You can see why fans don’t like it — it’s not proper Doctor Who. I think that’s not helped by the film’s prominence in the minds of ordinary folk. During the ’90s, when Who was out of favour at the BBC (except with Enterprises/Worldwide, for whom it’s always made a fortune), the main way to see it was with repeats of the films on TV. Even before that, I’m sure the films have been screened much more regularly than the serials that inspired them. Plus the general public don’t understand that Cushing isn’t a real Doctor (even now, you see people asking why he isn’t in the trailers for the 50th anniversary, and so on), which just rubs it in. But if you let that baggage go (which you really should), Dr. Who and the Daleks is an entertaining version of the TV serial.

And yet… it isn’t as good. The widescreen colour looks good, sure, and the Daleks’ tall ‘ears’ are an improvement (hence why they were adopted for TV in the 2005 revival), but other than that the design is lacking. Bigger on the TVThe console room in the TARDIS is another iconic piece of design, the six-sided central console and roundel-decorated walls having endured in one form or another throughout the show’s life (even if some of it’s become increasingly obscured in the iterations since the 1996 TV movie). In the film, however, it’s just… a messy room. There are control units and chairs and stuff bunged around, with a mess of wires draped about the place. On TV it looks like a slick futuristic spaceship; on film it looks like a junkyard. Oh dear.

Then there’s the Dalek city. The film’s version is more grand, with lengthy corridors rather than the faked photo-backdrops used on TV; but that’s besides the point, because that very grandness undermines its impact. The Daleks’ corridors on TV feel truly alien — they’re the same height as the Daleks, which is about a foot smaller than most of our leads, meaning they’re constantly having to duck through doorways. It’s perfectly thought-through design, led by how the place would actually have been built rather than making it convenient for the cast. The film’s city is the opposite, with big doorways and rooms. It’s a minor point perhaps, but it can leave an impression.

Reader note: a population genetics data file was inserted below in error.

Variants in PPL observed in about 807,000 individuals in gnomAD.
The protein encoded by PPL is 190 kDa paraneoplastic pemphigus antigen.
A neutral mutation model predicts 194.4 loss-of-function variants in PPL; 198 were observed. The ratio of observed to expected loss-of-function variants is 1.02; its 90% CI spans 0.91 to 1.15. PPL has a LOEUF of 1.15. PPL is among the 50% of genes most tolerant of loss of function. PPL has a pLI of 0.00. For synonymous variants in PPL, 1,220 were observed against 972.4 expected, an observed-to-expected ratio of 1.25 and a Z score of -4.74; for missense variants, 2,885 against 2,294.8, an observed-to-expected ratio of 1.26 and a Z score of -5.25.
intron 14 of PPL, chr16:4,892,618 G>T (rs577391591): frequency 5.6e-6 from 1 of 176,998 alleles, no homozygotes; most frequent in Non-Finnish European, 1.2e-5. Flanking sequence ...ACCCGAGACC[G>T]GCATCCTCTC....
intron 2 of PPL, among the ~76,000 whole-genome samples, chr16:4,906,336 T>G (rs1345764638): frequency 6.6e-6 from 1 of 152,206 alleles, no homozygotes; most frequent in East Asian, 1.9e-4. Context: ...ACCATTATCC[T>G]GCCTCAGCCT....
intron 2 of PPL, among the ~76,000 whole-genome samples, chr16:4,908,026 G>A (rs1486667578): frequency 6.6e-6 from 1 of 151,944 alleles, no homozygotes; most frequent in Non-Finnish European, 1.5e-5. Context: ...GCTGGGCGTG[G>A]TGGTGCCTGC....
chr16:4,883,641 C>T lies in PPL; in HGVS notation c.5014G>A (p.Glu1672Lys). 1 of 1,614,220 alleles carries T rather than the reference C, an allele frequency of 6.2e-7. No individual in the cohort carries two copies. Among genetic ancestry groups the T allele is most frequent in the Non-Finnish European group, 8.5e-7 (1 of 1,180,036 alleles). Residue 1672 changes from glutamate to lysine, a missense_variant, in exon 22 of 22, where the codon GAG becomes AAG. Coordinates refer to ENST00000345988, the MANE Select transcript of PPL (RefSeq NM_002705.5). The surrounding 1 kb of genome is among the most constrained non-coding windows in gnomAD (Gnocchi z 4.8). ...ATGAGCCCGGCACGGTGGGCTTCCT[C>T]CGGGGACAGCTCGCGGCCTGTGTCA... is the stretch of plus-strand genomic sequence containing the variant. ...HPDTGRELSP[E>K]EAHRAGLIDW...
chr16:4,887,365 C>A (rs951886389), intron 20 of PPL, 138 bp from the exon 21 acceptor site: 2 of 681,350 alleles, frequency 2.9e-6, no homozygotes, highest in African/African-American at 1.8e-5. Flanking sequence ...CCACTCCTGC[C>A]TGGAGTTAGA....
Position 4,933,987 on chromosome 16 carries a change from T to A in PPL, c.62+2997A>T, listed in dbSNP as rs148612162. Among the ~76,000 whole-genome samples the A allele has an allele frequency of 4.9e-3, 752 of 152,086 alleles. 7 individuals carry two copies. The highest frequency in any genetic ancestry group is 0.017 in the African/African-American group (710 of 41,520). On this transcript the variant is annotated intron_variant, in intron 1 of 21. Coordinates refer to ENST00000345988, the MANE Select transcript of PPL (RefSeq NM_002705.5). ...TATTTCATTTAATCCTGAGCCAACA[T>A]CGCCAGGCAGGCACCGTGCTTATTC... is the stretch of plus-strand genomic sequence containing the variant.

Ridley Scott is, by and large, a great film director, and is responsible for at least two of the all-time greatest science-fiction movies; but I doubt even his 26-year-old self, then a BBC staff designer originally assigned to work on Doctor Who’s second serial, could have come up with a more iconic look for the Daleks than Raymond P. Cusick. With the exception of the ‘ears’ and the colour scheme, his design is rendered faithfully from TV to film, because it’s so good. Why does it work? I have no idea. Perhaps because it’s genuinely alien — they’re not in any way the same shape or size as a human. Of course, it sort of is: the design is based around being able to fit a man sitting down, in order to control it — but it doesn’t look like that. The Doctor and Susan meet the DaleksThen there’s the way they glide, the screechy voice, the sink-plunger instead of some kind of hand or claw… It’s a triumph, and it works just as well in gaudy colours on film as it does in simple black and white.